"Biker" for me usually means motorbiking, though I also have a Marin mountain-bike...
My current motorbikes are a CBR600RR and a CBR600RW, both from Honda.
Previously I have owned: Honda VF750F, Yamaha FJ600, Suzuki GSX750EX, Yamaha FJ750, Yamaha XJ900, Kawasaki Z750 and I passed my riding test on my Kawasaki KH250.
See also my Motorbiking web links
Impossible to visit Arles without thinking of it as a pilgrimage to the temple of conceptual photography. Herewith a sofa scene from a courtyard not far from the École Supérieur de la Photographie; also nearby, a convolvulus twines its vines up a villa, in this town this plant produces blue or white flowers and is cultivated; in the UK this is bindweed and the enemy of all gardeners. Here they honour a thing of beauty out of what would be a weed elsewhere; one could think of it as a metaphor for conceptual photography, the cause célèbre of Arles.
Out in the Camargue, the simple immensity of the Rhône delta is hard to understand, this river that brings at least a third of the water down from the Alps, the less-celebrated partner of the Rhine and the Danube. There are numerous water channels, shallow lakes frequented by wild birds, migrants and residents. Far away are the last of the mountains as Provence meets the Mediterranean.
Chalet Reynard, Mt. Ventoux, these days known mostly to cyclists, trail runners and walkers. Forty years ago and mostly annually before then, this modest cafe was one of the principal viewing points for a major motorsport event, La course de côte du Mont Ventoux (Mont Ventoux Hill Climb), the race to the summit of Ventoux, in the format of a time trial ie TT. First run in 1902, the roads were unsealed and the winning time over the 21½ km course up from the village of Bédoin (alt. 256 m.) to the summit of Mt. Ventoux (1908 m.) was 27 mins 17 sec.
Custom colours for absolute maximum visibility. Not a track bike, I noted the street pipe and front indicators with a UAE number plate in Arabic script: I wonder if ANPR and speed cameras can read those. Seen parked just outside Monaco.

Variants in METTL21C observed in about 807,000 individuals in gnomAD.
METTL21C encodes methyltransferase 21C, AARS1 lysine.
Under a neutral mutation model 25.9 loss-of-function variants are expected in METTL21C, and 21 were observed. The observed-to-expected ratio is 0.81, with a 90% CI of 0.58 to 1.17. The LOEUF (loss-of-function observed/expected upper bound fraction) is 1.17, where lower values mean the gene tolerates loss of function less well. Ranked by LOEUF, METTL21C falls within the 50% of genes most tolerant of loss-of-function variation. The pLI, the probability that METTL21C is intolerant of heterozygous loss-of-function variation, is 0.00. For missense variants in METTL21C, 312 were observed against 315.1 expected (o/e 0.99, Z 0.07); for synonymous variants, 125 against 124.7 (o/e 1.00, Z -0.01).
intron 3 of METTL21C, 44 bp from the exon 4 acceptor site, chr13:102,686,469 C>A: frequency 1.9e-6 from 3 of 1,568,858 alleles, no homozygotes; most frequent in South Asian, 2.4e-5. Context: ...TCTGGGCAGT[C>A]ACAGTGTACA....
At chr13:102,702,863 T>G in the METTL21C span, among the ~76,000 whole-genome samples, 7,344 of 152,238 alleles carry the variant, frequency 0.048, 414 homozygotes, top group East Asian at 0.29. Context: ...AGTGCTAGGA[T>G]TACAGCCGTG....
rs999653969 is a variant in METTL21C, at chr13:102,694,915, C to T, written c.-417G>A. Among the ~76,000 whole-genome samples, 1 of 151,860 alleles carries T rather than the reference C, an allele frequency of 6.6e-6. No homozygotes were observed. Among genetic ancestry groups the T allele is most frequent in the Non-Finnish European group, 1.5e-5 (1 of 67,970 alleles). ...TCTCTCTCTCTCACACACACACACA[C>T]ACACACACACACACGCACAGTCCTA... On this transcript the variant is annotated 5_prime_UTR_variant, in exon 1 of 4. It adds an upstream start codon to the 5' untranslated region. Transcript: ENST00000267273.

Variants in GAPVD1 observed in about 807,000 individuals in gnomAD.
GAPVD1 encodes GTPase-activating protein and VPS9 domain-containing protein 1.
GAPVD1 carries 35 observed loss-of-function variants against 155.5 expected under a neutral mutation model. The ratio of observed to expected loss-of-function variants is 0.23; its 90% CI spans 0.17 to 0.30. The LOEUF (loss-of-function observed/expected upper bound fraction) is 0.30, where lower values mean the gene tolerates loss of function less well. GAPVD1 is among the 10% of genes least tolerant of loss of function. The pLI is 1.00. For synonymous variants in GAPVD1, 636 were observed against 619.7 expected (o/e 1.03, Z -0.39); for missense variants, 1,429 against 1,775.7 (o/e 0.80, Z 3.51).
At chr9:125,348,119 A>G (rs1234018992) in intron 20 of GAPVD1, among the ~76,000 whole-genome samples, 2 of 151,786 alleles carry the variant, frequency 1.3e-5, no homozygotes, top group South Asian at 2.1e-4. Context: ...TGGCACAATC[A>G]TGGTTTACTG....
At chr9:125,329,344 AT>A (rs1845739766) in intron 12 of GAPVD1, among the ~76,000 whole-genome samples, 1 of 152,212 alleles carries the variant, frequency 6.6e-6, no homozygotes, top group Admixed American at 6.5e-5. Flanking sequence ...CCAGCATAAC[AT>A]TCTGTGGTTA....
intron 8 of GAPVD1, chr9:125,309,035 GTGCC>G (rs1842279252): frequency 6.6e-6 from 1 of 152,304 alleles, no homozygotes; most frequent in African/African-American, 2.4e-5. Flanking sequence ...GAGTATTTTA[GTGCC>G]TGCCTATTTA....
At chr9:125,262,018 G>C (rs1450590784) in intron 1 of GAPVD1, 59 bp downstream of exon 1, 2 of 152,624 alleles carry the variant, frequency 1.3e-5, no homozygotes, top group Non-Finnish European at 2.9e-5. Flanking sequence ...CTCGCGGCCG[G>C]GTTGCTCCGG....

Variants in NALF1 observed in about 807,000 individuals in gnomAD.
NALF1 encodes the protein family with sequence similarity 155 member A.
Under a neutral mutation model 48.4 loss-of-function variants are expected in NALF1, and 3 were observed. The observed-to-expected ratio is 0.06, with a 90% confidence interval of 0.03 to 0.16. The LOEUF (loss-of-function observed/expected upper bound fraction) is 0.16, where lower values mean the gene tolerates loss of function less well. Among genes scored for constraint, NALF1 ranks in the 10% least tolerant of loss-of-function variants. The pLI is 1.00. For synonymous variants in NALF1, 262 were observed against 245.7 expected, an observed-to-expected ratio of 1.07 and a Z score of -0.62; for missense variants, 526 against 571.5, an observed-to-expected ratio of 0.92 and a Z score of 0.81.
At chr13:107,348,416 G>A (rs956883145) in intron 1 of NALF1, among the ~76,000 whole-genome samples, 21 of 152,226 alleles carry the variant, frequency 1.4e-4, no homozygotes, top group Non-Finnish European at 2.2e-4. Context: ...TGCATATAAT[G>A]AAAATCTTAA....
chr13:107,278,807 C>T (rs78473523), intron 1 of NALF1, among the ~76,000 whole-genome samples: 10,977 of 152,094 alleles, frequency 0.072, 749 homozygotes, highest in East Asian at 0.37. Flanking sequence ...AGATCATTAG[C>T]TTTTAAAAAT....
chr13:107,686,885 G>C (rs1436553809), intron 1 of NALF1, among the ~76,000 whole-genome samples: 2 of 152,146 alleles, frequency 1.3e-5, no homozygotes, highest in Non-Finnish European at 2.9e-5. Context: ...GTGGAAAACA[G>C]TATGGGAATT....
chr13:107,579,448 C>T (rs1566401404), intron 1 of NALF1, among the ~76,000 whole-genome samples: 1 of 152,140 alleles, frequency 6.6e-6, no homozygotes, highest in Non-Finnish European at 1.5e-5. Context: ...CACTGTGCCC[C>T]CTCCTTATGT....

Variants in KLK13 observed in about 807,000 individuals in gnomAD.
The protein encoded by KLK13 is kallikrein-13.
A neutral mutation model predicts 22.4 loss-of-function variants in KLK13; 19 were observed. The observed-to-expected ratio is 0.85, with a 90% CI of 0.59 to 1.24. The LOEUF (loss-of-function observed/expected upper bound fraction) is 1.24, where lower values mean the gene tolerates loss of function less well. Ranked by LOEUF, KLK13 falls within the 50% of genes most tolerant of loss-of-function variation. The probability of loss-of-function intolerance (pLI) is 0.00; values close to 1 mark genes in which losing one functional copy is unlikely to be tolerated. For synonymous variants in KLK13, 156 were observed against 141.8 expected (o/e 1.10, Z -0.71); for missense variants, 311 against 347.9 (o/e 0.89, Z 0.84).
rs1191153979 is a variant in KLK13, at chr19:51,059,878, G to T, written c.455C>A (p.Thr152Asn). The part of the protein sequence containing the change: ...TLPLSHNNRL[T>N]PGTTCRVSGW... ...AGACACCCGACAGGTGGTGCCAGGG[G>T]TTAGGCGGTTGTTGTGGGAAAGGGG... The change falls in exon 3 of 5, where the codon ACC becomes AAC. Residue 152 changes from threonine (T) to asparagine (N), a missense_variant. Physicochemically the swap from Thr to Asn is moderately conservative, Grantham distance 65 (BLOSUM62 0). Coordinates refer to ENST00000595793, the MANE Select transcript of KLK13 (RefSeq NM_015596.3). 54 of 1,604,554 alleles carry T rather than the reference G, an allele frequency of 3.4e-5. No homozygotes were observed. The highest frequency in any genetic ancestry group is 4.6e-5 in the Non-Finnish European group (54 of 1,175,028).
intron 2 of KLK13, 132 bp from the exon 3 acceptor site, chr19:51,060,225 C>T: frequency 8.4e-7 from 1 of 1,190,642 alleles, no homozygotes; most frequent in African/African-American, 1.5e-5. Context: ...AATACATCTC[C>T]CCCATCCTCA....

Playtime on two wheels after our hiking and car trip to the Écrins. Sportsbike in the sunshine, roads clear and the sun not too hot. This time the Pas d’Ouillier, 340 m., a real play road with convenient roundabouts at each end, three runs on that, then another three on the Route des Crêtes, the 15km cliff road with some interesting twists and turns over Cap Canaille between Cassis and La Ciotat, just to the east of Marseille.
Yes yes yes!!! Out on my own bike. It’s a great ride. Tight and sharp. Easy to hug the tank and ride with my legs. Head down, arms bent. A much closer feeling with the road surface than the SX. Ironically it’s easier to ride the small bike fast: that twist and go, lazy riding style of the Z1000SX with bags of easy power and its comfortable ride comes at too high a price in terms of loss of feel with the road and lack of confidence in the brakes.
Just a short circuit of Le Mont Saint Baume, so Le Castellet, Méounes and l’Espigoulier (723 m.), is quite a sporty workout that includes all the elements of road riding.Then down and back to Marseille for lunch, reassured. The Z1000SX got me to summercamp and the Eastern Alps in farway Austria but what a great welcome home from my RR. Also, I think I prefer red, white and blue!
I'm riding light for a week on the mountain roads of the Alps. No laptop, although I do have my SLR camera but photos will have to wait till I'm back in Marseille..
I left Marseille for a long ride north via the Col de la Croix Haute (1179 m.) to Saint-Gervais under Mont Blanc. A bit of rain towards the end of the day which cleaned the Provence dust off my white leathers and boots but didn't soak me through.